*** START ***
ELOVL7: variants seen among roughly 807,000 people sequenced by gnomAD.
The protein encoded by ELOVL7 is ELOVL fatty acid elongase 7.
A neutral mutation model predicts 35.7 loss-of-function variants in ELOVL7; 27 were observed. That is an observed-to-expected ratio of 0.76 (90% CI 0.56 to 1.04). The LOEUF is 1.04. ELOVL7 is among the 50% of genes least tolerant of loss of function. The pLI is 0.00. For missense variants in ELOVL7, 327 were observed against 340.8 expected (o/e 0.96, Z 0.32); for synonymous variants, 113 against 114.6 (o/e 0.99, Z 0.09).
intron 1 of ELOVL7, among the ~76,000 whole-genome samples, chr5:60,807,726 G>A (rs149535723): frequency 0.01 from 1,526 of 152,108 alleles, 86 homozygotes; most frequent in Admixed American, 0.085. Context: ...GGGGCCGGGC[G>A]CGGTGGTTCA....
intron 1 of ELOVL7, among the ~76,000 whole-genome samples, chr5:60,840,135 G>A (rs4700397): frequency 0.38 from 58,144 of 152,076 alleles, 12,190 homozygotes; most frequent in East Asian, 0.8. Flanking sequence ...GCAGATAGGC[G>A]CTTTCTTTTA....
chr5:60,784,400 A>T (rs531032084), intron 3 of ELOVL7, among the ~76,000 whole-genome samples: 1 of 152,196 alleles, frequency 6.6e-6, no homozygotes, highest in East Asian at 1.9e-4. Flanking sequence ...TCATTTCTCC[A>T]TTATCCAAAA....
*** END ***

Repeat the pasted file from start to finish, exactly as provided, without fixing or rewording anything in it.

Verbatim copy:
ELOVL7: variants seen among roughly 807,000 people sequenced by gnomAD.
The protein encoded by ELOVL7 is ELOVL fatty acid elongase 7.
A neutral mutation model predicts 35.7 loss-of-function variants in ELOVL7; 27 were observed. That is an observed-to-expected ratio of 0.76 (90% CI 0.56 to 1.04). The LOEUF is 1.04. ELOVL7 is among the 50% of genes least tolerant of loss of function. The pLI is 0.00. For missense variants in ELOVL7, 327 were observed against 340.8 expected (o/e 0.96, Z 0.32); for synonymous variants, 113 against 114.6 (o/e 0.99, Z 0.09).
intron 1 of ELOVL7, among the ~76,000 whole-genome samples, chr5:60,807,726 G>A (rs149535723): frequency 0.01 from 1,526 of 152,108 alleles, 86 homozygotes; most frequent in Admixed American, 0.085. Context: ...GGGGCCGGGC[G>A]CGGTGGTTCA....
intron 1 of ELOVL7, among the ~76,000 whole-genome samples, chr5:60,840,135 G>A (rs4700397): frequency 0.38 from 58,144 of 152,076 alleles, 12,190 homozygotes; most frequent in East Asian, 0.8. Flanking sequence ...GCAGATAGGC[G>A]CTTTCTTTTA....
chr5:60,784,400 A>T (rs531032084), intron 3 of ELOVL7, among the ~76,000 whole-genome samples: 1 of 152,196 alleles, frequency 6.6e-6, no homozygotes, highest in East Asian at 1.9e-4. Flanking sequence ...TCATTTCTCC[A>T]TTATCCAAAA....